Animal Species:Common Bent-wing Bat
The Common Bentwing Bat gets its name from its elongated finger bone that makes up its wing.
The third finger is about three or four times longer than the second, and bends under the wing when the Common Bentwing Bat rests.
5.2 cm - 5.8 cm
Common Bentwing Bats are found in northern and eastern Australia, in northern Western Australia, Northern Territory, Queensland, New South Wales, Victoria and south-eastern South Australia.
The Common Bentwing Bat prefers moist environments where it roosts in very large numbers in caves, old mines, stormwater tunnels and occasionally buildings. Forages in forests and woodlands and grassland.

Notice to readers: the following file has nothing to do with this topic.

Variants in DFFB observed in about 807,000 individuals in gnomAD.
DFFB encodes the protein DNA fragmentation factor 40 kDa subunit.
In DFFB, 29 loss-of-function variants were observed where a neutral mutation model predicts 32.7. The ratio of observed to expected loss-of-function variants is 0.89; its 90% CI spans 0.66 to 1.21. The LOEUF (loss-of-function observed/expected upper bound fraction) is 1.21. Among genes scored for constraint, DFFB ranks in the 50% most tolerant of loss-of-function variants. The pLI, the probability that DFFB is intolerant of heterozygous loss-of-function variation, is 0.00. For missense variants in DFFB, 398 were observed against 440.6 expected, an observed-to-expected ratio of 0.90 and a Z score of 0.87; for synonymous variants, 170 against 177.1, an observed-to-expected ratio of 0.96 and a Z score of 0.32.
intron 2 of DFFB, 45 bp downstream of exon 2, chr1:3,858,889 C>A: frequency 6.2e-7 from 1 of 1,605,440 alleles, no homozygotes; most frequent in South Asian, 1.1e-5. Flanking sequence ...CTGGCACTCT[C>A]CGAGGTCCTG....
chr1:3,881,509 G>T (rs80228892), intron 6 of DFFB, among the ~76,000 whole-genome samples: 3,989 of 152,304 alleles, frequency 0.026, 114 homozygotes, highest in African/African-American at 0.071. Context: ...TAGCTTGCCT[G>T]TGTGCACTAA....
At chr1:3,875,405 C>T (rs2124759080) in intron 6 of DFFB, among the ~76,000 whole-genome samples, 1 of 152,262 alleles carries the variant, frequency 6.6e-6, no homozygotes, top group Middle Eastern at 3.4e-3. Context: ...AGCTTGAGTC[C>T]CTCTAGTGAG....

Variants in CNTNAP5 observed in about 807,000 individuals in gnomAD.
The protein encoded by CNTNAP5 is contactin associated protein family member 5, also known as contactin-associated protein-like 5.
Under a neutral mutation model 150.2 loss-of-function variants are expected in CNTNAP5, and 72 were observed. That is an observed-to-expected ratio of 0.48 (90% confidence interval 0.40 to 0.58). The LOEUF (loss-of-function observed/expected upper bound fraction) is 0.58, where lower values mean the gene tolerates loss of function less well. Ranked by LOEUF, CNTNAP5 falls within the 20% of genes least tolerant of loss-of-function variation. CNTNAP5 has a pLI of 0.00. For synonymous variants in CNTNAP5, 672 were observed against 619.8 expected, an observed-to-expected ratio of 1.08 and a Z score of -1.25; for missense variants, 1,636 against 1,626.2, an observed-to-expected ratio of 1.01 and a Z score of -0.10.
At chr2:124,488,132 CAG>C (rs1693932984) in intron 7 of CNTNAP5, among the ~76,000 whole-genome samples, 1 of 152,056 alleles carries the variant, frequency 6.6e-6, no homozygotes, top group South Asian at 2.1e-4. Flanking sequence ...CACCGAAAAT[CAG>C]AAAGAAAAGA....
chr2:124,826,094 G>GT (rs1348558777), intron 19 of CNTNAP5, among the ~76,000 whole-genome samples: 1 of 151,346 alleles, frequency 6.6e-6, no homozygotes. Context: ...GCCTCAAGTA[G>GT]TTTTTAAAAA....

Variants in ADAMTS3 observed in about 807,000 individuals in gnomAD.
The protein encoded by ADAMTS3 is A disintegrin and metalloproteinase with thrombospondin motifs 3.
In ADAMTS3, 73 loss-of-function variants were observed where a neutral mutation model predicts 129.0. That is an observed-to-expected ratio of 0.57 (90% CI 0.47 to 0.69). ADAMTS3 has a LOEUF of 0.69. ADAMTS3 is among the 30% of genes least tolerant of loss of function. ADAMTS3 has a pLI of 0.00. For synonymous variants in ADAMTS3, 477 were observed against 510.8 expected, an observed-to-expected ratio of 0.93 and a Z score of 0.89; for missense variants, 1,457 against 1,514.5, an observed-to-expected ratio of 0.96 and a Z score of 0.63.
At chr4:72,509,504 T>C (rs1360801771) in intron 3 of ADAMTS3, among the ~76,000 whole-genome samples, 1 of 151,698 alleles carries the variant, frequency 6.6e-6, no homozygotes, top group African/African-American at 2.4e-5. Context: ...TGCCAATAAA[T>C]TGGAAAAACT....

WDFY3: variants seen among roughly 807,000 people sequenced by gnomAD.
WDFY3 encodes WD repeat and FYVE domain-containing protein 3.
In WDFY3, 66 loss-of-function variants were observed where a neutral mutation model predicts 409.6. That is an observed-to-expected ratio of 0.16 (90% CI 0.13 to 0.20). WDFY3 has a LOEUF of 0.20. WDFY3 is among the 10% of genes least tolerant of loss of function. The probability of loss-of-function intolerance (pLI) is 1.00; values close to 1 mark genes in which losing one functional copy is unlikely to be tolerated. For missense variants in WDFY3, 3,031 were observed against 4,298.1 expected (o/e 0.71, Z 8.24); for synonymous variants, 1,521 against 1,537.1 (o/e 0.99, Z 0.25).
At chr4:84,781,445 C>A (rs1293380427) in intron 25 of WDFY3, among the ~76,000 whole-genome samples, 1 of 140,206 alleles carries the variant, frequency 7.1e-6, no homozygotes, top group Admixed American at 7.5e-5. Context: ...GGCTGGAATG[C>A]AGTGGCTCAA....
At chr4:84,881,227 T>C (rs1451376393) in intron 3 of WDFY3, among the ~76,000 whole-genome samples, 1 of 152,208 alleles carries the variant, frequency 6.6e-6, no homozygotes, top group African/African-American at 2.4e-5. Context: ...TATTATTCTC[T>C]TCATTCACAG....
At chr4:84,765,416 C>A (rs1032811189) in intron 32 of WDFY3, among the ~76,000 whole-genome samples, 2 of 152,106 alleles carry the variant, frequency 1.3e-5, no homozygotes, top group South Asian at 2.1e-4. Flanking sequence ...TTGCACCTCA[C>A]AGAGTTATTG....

Feeding and Diet
By night the Common Bentwing Bat hunts moths and other flying insects.
Female Common Bentwing Bats give birth to their young in summer and roost together in warm, humid maternity caves where there may be up to 3,000 young bats per square metre of ceiling. These bats can live as long as 18 years.
Predators, Parasites and Diseases
Predators of Common Bentwing Bats include owls, pythons, cats and sometimes foxes.
The number of Common Bentwing Bats is thought to have declined in southern Australia over the past 30 years as a result of disturbance of their roosting sites.
Conservation Status (NSW): Vulnerable species